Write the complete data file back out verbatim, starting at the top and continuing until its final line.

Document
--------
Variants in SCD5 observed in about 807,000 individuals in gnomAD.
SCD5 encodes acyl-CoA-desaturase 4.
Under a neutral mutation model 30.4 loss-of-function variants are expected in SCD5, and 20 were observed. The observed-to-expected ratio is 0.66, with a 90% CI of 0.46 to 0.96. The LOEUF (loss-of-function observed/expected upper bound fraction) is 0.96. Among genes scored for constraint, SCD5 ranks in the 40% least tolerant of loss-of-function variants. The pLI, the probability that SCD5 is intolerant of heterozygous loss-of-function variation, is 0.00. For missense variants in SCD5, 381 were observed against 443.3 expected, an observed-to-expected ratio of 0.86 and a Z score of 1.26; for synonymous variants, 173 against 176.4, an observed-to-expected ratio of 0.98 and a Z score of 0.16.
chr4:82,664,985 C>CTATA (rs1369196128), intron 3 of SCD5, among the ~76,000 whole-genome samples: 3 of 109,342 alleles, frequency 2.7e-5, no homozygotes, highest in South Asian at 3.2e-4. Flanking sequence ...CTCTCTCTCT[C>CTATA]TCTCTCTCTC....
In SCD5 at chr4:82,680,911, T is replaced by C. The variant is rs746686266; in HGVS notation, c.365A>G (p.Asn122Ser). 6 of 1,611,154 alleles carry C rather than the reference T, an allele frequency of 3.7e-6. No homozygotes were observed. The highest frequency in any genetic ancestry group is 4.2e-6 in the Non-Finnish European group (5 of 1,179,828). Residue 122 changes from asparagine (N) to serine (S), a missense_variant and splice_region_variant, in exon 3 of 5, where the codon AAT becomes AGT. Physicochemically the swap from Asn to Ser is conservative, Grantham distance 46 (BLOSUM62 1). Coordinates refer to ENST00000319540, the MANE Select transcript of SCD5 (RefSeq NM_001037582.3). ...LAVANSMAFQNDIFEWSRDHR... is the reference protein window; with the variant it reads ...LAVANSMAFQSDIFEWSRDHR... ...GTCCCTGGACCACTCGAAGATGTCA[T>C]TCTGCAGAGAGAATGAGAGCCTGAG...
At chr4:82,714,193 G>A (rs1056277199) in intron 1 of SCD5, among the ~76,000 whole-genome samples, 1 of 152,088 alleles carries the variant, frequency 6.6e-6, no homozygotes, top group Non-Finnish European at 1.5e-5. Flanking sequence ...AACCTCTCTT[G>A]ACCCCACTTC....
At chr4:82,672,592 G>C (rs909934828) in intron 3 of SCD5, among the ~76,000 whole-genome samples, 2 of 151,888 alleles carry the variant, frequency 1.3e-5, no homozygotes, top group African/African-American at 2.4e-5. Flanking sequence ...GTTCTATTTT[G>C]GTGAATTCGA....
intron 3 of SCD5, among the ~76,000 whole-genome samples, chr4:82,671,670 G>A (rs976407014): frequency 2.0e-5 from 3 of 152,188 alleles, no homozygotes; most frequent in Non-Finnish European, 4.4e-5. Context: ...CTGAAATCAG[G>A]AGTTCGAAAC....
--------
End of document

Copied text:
Variants in SCD5 observed in about 807,000 individuals in gnomAD.
SCD5 encodes acyl-CoA-desaturase 4.
Under a neutral mutation model 30.4 loss-of-function variants are expected in SCD5, and 20 were observed. The observed-to-expected ratio is 0.66, with a 90% CI of 0.46 to 0.96. The LOEUF (loss-of-function observed/expected upper bound fraction) is 0.96. Among genes scored for constraint, SCD5 ranks in the 40% least tolerant of loss-of-function variants. The pLI, the probability that SCD5 is intolerant of heterozygous loss-of-function variation, is 0.00. For missense variants in SCD5, 381 were observed against 443.3 expected, an observed-to-expected ratio of 0.86 and a Z score of 1.26; for synonymous variants, 173 against 176.4, an observed-to-expected ratio of 0.98 and a Z score of 0.16.
chr4:82,664,985 C>CTATA (rs1369196128), intron 3 of SCD5, among the ~76,000 whole-genome samples: 3 of 109,342 alleles, frequency 2.7e-5, no homozygotes, highest in South Asian at 3.2e-4. Flanking sequence ...CTCTCTCTCT[C>CTATA]TCTCTCTCTC....
In SCD5 at chr4:82,680,911, T is replaced by C. The variant is rs746686266; in HGVS notation, c.365A>G (p.Asn122Ser). 6 of 1,611,154 alleles carry C rather than the reference T, an allele frequency of 3.7e-6. No homozygotes were observed. The highest frequency in any genetic ancestry group is 4.2e-6 in the Non-Finnish European group (5 of 1,179,828). Residue 122 changes from asparagine (N) to serine (S), a missense_variant and splice_region_variant, in exon 3 of 5, where the codon AAT becomes AGT. Physicochemically the swap from Asn to Ser is conservative, Grantham distance 46 (BLOSUM62 1). Coordinates refer to ENST00000319540, the MANE Select transcript of SCD5 (RefSeq NM_001037582.3). ...LAVANSMAFQNDIFEWSRDHR... is the reference protein window; with the variant it reads ...LAVANSMAFQSDIFEWSRDHR... ...GTCCCTGGACCACTCGAAGATGTCA[T>C]TCTGCAGAGAGAATGAGAGCCTGAG...
At chr4:82,714,193 G>A (rs1056277199) in intron 1 of SCD5, among the ~76,000 whole-genome samples, 1 of 152,088 alleles carries the variant, frequency 6.6e-6, no homozygotes, top group Non-Finnish European at 1.5e-5. Flanking sequence ...AACCTCTCTT[G>A]ACCCCACTTC....
At chr4:82,672,592 G>C (rs909934828) in intron 3 of SCD5, among the ~76,000 whole-genome samples, 2 of 151,888 alleles carry the variant, frequency 1.3e-5, no homozygotes, top group African/African-American at 2.4e-5. Flanking sequence ...GTTCTATTTT[G>C]GTGAATTCGA....
intron 3 of SCD5, among the ~76,000 whole-genome samples, chr4:82,671,670 G>A (rs976407014): frequency 2.0e-5 from 3 of 152,188 alleles, no homozygotes; most frequent in Non-Finnish European, 4.4e-5. Context: ...CTGAAATCAG[G>A]AGTTCGAAAC....